Tag: Black Stones

  • A Black Stone Survivor: First Methodist, Knoxville

    Solid Rock Church

    Few of these black stone buildings are left, but in some of the less prosperous neighborhoods we can still find uncleaned stones. Knoxville is a particularly interesting neighborhood from the point of view of the urban archaeologist: it was prosperous and now is not, so it retains some splendid buildings in their original state, many of them sadly abandoned and decaying. This church, marked “1st Meth. Prot. Ch.” on a 1916 map, is still in use as a nondenominational church, and old Pa Pitt very selfishly hopes that the congregation always sits at that middle point where it has enough money to keep the doors open and not enough to clean the black stones.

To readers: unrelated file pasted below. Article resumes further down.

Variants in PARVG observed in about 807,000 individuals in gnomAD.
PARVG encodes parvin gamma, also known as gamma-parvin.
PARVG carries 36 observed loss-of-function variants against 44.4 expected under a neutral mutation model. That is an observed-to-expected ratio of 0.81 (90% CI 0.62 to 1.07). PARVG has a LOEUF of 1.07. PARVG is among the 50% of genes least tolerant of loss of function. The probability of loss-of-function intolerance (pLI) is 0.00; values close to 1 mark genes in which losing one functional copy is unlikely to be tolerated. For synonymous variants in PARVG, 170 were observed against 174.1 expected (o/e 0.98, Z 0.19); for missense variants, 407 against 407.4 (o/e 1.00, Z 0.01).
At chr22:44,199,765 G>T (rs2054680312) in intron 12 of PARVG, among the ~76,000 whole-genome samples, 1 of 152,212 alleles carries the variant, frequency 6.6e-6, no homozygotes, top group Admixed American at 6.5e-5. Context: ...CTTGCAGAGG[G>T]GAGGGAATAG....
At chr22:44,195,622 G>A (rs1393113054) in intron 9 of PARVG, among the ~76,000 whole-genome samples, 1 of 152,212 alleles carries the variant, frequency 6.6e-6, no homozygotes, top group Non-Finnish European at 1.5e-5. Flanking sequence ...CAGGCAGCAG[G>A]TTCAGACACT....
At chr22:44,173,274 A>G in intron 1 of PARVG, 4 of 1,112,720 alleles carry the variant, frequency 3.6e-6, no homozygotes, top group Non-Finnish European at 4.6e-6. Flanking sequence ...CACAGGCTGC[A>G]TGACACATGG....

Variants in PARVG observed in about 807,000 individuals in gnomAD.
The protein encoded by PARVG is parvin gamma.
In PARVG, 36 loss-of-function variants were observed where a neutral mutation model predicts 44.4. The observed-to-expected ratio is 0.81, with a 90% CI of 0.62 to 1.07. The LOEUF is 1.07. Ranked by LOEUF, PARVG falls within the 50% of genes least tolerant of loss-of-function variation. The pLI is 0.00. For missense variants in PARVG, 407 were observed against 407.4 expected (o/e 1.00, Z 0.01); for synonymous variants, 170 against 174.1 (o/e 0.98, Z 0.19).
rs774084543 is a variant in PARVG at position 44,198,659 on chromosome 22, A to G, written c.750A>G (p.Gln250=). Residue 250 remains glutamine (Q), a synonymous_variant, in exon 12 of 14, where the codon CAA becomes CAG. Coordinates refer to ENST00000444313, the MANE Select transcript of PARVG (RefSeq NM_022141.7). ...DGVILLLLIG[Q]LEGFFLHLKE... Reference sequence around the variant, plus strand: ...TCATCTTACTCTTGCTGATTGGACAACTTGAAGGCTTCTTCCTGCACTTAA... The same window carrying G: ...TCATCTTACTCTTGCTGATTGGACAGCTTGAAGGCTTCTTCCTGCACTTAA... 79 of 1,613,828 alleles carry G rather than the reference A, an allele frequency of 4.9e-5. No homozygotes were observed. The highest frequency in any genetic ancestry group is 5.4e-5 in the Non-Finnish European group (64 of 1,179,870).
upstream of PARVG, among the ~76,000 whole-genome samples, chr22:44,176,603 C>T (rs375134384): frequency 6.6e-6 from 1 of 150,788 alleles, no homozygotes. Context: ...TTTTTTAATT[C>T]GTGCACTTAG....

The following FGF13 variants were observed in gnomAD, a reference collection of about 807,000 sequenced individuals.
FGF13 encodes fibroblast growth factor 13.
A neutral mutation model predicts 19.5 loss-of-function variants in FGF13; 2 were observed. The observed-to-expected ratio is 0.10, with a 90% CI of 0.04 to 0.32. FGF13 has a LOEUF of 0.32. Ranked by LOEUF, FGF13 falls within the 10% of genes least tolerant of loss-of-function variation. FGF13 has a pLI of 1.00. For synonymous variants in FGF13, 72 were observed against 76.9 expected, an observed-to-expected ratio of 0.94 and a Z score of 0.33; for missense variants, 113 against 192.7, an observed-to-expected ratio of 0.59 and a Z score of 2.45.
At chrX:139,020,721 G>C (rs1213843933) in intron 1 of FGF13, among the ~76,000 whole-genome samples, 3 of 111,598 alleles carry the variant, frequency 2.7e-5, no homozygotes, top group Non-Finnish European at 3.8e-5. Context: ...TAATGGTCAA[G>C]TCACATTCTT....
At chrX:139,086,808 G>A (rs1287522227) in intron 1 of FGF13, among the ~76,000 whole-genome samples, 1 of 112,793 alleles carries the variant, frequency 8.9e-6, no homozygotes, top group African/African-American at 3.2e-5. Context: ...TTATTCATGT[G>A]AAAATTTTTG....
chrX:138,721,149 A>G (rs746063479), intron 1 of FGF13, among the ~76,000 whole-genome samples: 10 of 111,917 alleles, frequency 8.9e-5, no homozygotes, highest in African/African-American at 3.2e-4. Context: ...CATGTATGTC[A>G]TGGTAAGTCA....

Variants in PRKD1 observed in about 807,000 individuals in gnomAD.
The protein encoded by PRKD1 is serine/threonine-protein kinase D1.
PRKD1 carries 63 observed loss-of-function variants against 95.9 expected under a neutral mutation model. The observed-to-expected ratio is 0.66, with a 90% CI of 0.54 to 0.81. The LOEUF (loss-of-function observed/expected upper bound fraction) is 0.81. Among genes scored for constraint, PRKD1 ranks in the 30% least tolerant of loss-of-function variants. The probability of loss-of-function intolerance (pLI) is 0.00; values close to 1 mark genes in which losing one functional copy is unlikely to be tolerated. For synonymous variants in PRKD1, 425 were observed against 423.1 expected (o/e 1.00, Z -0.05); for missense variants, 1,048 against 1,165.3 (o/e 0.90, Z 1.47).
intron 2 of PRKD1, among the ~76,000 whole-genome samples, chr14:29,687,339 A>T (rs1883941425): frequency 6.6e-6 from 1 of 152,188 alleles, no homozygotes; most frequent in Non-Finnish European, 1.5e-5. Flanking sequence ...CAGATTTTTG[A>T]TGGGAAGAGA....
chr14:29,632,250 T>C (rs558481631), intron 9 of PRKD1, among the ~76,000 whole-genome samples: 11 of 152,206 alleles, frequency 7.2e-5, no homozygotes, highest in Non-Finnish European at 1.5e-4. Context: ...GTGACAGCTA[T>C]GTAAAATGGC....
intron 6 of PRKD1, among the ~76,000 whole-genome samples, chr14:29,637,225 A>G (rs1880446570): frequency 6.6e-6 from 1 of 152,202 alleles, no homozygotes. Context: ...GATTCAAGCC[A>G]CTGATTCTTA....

First Methodist Protestant Church
    First Methodist, Knoxville
  • Sixth Presbyterian Church, Squirrel Hill, in 1994

    Sixth Presbyterian

    One of the many black stone buildings that still remained in Pittsburgh in the 1990s. Like almost all the others, Sixth Presbyterian has since been cleaned and restored to its original color.

    Father Pitt has always wondered why the Presbyterians kept numbering their churches. “First Presbyterian” is an honorable distinction. “Fifth Presbyterian” just sounds tired. And then why stop at six? There is a Seventh Presbyterian in Cincinnati, for example.